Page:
Internet Protocol version 6
<networking, protocol> (IPv6, IPng, IP next generation) The most viable candidate to replace the current Internet Protocol.
The primary purpose of IPv6 is to solve the problem of the shortage of IP addresses.
The following features have been purposed: 16-byte addresses instead of the current four bytes; embedded encryption - a 32-bit Security Association ID (SAID) plus a variable length initialisation vector in packet headers; user authentication (a 32-bit SAID plus variable length authentication data in headers); autoconfiguration (currently partly handled by Dynamic Host Configuration Protocol); support for delay-sensitive traffic - a 24 bit flow ID field in headers to denote voice or video, etc.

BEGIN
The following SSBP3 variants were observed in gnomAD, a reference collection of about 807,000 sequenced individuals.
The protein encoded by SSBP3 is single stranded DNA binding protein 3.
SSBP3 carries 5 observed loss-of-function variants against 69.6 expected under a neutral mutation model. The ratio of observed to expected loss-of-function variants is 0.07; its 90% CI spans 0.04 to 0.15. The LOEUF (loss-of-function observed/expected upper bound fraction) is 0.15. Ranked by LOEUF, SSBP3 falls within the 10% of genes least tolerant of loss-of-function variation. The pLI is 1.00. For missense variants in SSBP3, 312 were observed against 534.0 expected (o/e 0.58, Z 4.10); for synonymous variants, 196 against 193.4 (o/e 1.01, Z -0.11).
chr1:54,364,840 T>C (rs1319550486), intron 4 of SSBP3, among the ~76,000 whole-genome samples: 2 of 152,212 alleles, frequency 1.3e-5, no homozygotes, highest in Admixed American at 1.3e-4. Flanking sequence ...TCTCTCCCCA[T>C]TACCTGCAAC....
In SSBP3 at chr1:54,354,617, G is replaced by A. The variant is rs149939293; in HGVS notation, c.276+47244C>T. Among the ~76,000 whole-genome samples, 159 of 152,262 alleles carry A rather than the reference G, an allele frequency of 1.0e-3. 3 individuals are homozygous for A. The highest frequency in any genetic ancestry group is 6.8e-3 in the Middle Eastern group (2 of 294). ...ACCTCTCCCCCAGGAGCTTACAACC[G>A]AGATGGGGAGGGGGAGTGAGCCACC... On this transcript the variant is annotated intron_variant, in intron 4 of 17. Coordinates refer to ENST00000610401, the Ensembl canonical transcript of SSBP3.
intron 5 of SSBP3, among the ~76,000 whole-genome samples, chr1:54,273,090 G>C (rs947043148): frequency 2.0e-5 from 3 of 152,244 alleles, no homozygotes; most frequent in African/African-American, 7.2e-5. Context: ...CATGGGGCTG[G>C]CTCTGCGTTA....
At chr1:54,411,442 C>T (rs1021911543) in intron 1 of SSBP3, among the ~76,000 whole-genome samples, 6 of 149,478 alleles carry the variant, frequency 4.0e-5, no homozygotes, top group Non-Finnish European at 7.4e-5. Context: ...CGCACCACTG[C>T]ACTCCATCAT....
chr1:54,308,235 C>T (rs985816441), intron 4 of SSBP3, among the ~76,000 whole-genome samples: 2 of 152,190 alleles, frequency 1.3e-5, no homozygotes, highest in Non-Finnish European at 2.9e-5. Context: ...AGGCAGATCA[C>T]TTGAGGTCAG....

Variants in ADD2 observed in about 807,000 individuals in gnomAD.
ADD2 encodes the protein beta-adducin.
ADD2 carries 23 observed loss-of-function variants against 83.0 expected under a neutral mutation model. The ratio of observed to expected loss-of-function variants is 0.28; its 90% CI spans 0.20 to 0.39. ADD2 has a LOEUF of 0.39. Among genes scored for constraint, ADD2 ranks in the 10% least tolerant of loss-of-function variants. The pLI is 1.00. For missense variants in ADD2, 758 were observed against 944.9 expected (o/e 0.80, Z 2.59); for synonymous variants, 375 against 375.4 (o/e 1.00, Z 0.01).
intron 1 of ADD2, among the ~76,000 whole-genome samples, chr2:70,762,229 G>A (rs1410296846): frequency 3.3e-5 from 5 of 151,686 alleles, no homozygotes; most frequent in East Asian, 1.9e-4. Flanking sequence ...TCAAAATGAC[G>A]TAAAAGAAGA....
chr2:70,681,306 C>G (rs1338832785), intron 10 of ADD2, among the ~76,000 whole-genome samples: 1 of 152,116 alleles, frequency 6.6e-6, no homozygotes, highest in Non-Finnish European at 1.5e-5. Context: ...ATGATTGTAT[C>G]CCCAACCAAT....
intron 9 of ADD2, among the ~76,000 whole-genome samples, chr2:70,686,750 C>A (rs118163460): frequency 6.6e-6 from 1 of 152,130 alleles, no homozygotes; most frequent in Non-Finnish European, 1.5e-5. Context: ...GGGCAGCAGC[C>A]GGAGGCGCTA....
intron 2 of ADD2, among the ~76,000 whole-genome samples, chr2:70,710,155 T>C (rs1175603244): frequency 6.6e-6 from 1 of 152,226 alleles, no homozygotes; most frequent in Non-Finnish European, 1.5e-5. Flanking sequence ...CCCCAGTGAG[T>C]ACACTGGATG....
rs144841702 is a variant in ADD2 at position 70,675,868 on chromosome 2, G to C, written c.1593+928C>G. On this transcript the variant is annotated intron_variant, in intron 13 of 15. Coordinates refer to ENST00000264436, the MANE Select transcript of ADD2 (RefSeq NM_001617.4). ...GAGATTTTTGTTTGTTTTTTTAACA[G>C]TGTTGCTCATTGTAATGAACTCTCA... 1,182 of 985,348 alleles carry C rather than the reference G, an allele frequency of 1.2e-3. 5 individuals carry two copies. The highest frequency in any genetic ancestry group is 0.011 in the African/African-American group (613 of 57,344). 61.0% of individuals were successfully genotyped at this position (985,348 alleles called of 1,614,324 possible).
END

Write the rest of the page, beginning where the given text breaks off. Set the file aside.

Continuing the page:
One possible solution is based on the TUBA protocol (RFC 1347, 1526, 1561) which is itself based on the OSI Connectionless Network Protocol (CNLP).
Another is TP/IX (RFC 1475) which changes TCP and UDP headers to give a 64-bit IP address, a 32-bit port number, and a 64 bit sequence number.
RFC 1550 is a white paper on IPng.
["Doubts About IPng could create TCP/IP chaos", Johna Till Johnson, Data Communications, Nov 1994].